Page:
Personal safety

Because respondents focussed on safety from crime while responding to this item, we changed the phrase ‘feeling safe’ (‘veilig voelen) to ‘feeling safe and secure’ (‘veilig en zeker voelen’) in all response levels in Stage VI.

Social participation and involvement

In Stage VI, we checked with the ASCOT development team whether the phrase ‘and I feel socially isolated’ in the last response level was considered as negative and atypical in English as in Dutch, because for some respondents this phrase sounded so bad they did not want to pick this answer, even though they felt lonely. The ASCOT team responded that the phrase was indeed meant to be severe. The comparison of response distributions showed that in both countries the percentage of respondents picking this response level was similar.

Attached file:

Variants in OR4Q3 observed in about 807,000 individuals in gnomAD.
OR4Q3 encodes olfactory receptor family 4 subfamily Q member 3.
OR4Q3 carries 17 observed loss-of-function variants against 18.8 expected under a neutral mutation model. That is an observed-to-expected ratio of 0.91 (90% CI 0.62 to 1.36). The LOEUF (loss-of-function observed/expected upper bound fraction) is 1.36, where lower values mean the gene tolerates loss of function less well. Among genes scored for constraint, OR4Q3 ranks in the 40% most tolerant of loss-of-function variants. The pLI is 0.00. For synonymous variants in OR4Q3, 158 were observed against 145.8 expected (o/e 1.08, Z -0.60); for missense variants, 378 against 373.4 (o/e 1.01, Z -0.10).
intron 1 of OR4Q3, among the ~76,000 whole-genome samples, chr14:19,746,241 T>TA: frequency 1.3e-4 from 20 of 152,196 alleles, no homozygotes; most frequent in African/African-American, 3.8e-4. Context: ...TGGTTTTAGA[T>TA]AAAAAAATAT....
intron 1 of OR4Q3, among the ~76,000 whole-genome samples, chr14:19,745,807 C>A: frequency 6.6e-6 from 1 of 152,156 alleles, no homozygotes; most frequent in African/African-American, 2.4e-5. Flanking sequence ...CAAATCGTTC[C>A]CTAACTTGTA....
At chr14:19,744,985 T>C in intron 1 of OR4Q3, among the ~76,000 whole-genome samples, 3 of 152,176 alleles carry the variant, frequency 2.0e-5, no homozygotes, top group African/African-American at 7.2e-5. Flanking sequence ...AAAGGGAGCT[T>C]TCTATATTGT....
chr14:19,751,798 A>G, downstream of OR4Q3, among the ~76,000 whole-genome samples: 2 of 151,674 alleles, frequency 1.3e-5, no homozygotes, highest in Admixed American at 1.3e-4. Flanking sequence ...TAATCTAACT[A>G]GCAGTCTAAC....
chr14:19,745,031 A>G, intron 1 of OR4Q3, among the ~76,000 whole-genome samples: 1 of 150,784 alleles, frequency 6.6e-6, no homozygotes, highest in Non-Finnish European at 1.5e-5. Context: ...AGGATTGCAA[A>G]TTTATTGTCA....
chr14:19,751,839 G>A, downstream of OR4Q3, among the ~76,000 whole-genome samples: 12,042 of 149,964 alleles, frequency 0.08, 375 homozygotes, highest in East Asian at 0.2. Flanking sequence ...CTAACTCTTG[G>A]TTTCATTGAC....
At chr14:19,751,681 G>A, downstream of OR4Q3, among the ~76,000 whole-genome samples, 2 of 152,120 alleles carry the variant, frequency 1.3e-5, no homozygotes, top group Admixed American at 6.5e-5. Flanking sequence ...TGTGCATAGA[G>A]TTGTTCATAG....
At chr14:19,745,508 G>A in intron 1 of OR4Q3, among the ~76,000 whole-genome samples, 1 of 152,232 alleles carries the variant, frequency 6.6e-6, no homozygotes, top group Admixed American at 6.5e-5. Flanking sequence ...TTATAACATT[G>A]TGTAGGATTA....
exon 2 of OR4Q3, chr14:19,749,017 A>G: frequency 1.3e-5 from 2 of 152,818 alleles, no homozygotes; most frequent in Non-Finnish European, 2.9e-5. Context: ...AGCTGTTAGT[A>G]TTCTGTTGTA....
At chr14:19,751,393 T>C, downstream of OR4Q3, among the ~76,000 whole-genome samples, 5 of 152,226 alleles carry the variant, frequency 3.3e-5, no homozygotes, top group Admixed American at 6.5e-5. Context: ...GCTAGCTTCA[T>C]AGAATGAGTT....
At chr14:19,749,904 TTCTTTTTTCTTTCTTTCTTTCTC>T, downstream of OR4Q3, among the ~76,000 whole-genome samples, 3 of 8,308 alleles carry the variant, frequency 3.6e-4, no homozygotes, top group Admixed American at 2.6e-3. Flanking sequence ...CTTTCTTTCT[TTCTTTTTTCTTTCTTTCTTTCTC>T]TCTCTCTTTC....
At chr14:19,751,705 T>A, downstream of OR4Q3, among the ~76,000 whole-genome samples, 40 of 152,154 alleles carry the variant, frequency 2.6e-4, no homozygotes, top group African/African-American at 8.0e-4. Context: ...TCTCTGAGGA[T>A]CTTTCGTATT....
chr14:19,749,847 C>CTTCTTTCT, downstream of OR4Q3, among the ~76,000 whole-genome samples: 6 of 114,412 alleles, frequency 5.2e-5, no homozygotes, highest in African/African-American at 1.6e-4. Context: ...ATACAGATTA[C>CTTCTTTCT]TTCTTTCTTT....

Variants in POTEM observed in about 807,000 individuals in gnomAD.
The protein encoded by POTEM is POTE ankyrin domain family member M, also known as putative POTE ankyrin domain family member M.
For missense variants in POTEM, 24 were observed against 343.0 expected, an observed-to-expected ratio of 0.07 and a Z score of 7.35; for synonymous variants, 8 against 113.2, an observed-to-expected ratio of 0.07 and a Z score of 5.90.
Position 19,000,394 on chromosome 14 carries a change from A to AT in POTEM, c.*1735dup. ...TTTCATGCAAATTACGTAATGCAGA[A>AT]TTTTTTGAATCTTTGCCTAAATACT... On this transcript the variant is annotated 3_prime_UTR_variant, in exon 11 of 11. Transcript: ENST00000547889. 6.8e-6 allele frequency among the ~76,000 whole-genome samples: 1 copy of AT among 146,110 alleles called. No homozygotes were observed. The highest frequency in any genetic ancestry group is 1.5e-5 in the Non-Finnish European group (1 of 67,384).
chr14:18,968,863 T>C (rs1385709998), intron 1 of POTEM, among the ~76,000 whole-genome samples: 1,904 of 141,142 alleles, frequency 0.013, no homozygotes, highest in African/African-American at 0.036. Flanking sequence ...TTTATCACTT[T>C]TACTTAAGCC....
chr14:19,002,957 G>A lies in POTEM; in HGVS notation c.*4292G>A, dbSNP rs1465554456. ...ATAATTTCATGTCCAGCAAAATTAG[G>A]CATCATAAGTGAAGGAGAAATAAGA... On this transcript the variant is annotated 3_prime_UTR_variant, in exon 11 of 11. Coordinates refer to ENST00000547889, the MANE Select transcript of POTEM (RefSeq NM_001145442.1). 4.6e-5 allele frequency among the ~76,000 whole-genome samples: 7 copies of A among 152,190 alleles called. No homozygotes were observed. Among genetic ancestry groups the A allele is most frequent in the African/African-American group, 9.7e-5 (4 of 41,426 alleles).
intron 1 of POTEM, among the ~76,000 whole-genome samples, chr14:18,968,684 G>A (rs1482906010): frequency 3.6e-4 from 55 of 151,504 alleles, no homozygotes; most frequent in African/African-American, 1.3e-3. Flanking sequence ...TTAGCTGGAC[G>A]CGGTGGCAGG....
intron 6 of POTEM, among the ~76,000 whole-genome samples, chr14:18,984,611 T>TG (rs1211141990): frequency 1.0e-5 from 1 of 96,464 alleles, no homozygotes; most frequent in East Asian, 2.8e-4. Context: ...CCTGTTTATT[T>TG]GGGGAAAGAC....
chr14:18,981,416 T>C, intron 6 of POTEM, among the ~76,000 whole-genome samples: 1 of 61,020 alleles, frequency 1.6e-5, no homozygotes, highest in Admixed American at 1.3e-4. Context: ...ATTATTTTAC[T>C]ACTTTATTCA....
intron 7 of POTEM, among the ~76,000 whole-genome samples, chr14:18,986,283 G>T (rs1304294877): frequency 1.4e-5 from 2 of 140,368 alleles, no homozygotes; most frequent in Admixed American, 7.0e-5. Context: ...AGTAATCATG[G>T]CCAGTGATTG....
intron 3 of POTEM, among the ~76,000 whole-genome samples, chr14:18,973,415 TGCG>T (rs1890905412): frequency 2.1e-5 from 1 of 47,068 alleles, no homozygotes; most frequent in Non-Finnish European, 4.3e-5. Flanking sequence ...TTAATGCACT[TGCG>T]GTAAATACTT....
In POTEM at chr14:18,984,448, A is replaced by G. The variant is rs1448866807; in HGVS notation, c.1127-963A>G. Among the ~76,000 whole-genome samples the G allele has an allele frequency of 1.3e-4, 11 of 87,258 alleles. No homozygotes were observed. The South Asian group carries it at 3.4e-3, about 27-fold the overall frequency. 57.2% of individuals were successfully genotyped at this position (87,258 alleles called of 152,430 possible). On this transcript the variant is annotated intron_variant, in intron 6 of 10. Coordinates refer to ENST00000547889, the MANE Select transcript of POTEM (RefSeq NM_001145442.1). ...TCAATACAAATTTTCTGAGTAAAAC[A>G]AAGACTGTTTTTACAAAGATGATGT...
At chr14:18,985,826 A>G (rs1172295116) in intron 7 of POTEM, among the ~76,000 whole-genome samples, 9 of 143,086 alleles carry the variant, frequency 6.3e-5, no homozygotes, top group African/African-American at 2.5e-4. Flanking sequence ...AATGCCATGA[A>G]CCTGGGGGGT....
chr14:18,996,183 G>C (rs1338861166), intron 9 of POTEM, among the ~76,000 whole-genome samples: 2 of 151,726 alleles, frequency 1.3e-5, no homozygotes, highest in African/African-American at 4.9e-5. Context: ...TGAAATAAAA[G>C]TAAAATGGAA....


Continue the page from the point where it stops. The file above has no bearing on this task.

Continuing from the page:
Respondents focussed on their physical abilities to do things when explaining their answer on this item, which is based on the phrase ‘ability to do things the respondent values or enjoys with his/her time’. However, the domain description explains this domain as ‘to be sufficiently occupied in a range of meaningful activities’. In order to avoid the focus on ‘abilities’ we decided in Stage VI to leave the Dutch word for ‘to able’ (‘kunnen’) out of the translation. The back translation in the final version was: ‘I spend my time…’ (‘Ik besteed mijn tijd aan…’). Furthermore, some respondents expressed insecurity about the meaning of the translation we initially used for ‘… I value’ (‘…waar ik waarde aan hecht’). Therefore, we decided to change this in Stage VI to an alternative translation of ‘… I value’ (‘…die ik belangrijk vind’).